After a very long wait, this year’s installment of Madden NFL football is finally here. By this point, you’re either already playing it, sitting at work waiting until you can go home and play it, or you could care less about Madden, but then you probably didn’t click on the link to this article so I doubt you’re actually reading these words.
If you’re none of the above, then you’re probably a fan of the franchise and you’re wondering if you should spend the coin to update to the newest version. The answer is yes. And this is coming from someone who usually buys a new version every 3 years because the game chances so little each year that it always felt that I was just paying for a roster update. This year, its an entirely new game.
I’m breaking up this review into 2 parts. This first one will focus on graphics and gameplay, and part 2 will cover the other game modes and anything else I feel like talking about. Expect part 2 tomorrow, once I’ve had enough time to get into each mode long enough that I feel comfortable writing about it.
EA Tiberon has invested in an all new game engine with real physics, and it shows. This is the biggest upgrade in the history of the franchise that didn’t include launching a new generation of hardware. Clearly I was impressed.
The graphics for the players were excellent. All the movement animations were solid. Some players had a slightly bow-legged unathletic running style, which seemed out of place, but it didn’t detract from the gameplay.
Where you can really tell there’s a difference is in the tackling. There’s no more canned animations. Bodies move like they should during a tackle on almost every play. It’s also possible to break a tackle and keep going, which was never possible in older versions of the game.
Occasionally, when the ball carrier takes a big hit, especially if another defender is also involved, the ball carrier will go flying and appear to have no control of their limbs. The resulting rag-doll effect is completely comical, though I sure it isn’t intended. It isn’t a pervasive problem, happening just over once per game on average.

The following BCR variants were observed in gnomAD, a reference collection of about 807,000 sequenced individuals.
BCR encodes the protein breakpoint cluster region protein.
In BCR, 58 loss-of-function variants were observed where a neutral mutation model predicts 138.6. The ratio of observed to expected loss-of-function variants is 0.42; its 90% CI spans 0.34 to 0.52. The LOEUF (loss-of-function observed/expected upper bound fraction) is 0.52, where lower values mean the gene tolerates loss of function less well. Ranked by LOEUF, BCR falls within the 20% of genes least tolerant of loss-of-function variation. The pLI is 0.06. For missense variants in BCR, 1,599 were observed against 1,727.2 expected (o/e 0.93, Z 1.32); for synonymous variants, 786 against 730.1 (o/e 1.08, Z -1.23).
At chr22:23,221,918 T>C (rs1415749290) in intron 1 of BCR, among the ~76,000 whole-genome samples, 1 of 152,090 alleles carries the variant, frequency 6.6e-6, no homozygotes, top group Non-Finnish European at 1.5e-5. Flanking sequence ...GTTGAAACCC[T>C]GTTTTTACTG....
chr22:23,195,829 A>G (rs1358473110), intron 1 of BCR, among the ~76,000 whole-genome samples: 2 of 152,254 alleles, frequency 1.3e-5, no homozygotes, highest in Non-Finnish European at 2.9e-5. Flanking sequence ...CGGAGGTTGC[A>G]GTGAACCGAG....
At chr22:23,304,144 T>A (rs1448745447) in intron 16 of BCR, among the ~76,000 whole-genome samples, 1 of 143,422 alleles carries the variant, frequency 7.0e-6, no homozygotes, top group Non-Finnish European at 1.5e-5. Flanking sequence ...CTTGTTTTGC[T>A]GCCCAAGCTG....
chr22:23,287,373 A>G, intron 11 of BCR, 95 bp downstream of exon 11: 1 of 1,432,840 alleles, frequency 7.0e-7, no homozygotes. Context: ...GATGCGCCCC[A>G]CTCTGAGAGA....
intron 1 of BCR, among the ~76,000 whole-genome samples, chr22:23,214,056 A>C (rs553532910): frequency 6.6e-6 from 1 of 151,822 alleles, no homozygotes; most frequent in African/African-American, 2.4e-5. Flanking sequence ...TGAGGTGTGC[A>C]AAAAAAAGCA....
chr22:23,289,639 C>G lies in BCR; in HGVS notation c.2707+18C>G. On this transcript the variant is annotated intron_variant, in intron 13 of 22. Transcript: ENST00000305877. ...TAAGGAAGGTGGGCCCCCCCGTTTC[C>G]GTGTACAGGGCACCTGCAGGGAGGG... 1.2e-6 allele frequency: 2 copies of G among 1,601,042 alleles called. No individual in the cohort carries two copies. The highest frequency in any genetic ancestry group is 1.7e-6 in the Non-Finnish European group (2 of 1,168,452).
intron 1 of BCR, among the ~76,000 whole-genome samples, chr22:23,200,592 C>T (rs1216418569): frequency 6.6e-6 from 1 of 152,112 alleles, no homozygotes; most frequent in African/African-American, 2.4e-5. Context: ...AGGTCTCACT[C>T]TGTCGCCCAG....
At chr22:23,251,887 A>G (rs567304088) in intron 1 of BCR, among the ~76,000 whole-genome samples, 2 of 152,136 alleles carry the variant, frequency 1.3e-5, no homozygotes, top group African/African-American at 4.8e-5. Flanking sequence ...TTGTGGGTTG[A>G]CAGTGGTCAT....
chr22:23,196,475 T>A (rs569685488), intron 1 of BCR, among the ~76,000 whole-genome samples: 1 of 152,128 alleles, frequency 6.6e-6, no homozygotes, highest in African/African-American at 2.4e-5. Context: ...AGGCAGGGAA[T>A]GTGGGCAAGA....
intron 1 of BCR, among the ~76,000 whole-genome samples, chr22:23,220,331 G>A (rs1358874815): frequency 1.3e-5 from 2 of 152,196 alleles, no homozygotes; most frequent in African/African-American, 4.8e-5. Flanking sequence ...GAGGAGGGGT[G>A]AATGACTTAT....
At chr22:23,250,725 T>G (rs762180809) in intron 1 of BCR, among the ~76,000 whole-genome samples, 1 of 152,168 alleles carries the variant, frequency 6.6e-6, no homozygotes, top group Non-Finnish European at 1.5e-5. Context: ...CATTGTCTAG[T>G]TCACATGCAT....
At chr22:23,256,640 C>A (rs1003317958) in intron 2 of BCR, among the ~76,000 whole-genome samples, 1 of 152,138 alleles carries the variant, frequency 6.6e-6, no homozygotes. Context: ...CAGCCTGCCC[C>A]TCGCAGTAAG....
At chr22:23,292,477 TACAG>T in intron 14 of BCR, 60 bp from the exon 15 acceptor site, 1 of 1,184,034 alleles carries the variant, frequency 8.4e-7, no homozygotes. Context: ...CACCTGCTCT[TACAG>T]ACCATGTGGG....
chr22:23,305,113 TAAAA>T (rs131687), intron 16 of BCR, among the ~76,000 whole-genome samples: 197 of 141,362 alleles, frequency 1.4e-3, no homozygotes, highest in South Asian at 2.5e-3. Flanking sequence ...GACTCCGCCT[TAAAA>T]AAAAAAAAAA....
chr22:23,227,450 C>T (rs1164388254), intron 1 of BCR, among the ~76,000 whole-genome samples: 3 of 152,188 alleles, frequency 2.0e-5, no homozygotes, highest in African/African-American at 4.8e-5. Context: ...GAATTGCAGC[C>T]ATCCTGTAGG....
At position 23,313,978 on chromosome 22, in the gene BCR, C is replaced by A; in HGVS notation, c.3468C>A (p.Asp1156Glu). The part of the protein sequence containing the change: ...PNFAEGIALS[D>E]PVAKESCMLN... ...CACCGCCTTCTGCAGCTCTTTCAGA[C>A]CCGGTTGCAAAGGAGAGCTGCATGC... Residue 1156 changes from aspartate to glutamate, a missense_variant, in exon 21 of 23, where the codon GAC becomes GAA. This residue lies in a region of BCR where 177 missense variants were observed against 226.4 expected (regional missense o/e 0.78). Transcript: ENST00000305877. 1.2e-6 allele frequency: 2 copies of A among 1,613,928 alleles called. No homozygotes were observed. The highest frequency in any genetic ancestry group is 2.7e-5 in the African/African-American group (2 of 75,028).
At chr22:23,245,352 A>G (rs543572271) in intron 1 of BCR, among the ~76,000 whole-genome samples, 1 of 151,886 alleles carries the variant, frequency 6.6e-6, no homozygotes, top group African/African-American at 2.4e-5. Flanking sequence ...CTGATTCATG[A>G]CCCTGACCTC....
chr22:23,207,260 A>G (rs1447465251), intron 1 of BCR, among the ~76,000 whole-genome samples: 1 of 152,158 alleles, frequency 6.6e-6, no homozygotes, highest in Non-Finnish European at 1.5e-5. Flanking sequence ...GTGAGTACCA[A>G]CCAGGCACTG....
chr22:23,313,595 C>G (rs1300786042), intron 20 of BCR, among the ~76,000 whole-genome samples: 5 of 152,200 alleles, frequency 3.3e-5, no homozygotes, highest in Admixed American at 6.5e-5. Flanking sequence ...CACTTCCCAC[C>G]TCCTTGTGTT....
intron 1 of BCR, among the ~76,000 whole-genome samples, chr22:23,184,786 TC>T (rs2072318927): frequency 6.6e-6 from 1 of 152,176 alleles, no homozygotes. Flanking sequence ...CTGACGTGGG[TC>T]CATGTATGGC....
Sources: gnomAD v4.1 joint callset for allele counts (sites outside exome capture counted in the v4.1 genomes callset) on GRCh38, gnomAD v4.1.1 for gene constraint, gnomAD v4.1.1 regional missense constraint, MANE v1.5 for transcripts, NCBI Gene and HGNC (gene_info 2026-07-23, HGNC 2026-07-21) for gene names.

My one big gripe was the graphics and animations of the fans. They appeared to be PS2 era for a most part. At least the PS1 era graphics form the “bimp” shot that were in the demo seem to be gone. I know it doesn’t really matter since the on-field look is so good, but then stop showing the cardboard cutouts replacements for fans so often.
This is where the game engine changes I mentioned above really matter. If the game simply looked different, but felt like I was playing the same old game I’ve been playing for almost 2o years, then it wouldn’t really matter, at least not to me.
On defense is where the biggest change can be felt. Ever since the PS1 days, the dive button (square) was all you needed in order to tackle. Just dive into a player to start a tackling animation, and you were set. Now, that’s no longer the case. Going for the hit like that often results in missed tackles when the ball carrier bounces off and keeps going.
Instead, now you have to actually wrap up the ball carrier, which is a big improvement. I found myself having to choose between taking out a players legs like a CB might do, or moving in for the sure tackle while giving up an extra yard or 2. Playing defense feel much more apart of the game than it used to.
The field felt narrower than I remember. Passes to the outside seemed more difficult, while passes to the center of the field were easier to complete. Perhaps that was because Doug Baldwin was usually my slot receiver, but I doubt it. The passing windows on the sidelines were simply smaller than over the middle.
One of my complaints in the past was that linebackers were invincible against the run. Quick hitting runs, especially FB runs, were money, while outside plays like the stretch runs and sweeps were pretty much impossible on the higher difficulty levels. There was just no stopping the LB persuit, and it didn’t matter how many blockers there were out in front.
The opposite seemed to apply this year. DTs seemed to eat the FB runs and HB dive plays for lunch. The slower developing runs quickly became my bread and butter plays. I just had to remember to be patient and let my blockers do their job and not just mash the sprint button. It’s a solid change for the franchise, and it shows that the players are reading and reacting much closer to how a real player might.
Defensive players still don’t bite on misdirection plays often enough to make them worthwhile, though that doesn’t apply to play action. PA passes, especially to TEs, can be an easy way to move the ball down the field at times. Luckily, the AI adjusts and takes it away from you if you use it too often.
Speaking of the AI, it remains solid yet unspectacular. It will adjust to take away certain plays if you call them too much, but that opens up other plays if you know how to take advantage of it. Overall, it’s still the best out there in sports games, but I still think it could be better.
Check back later (or tomorrow) for part 2.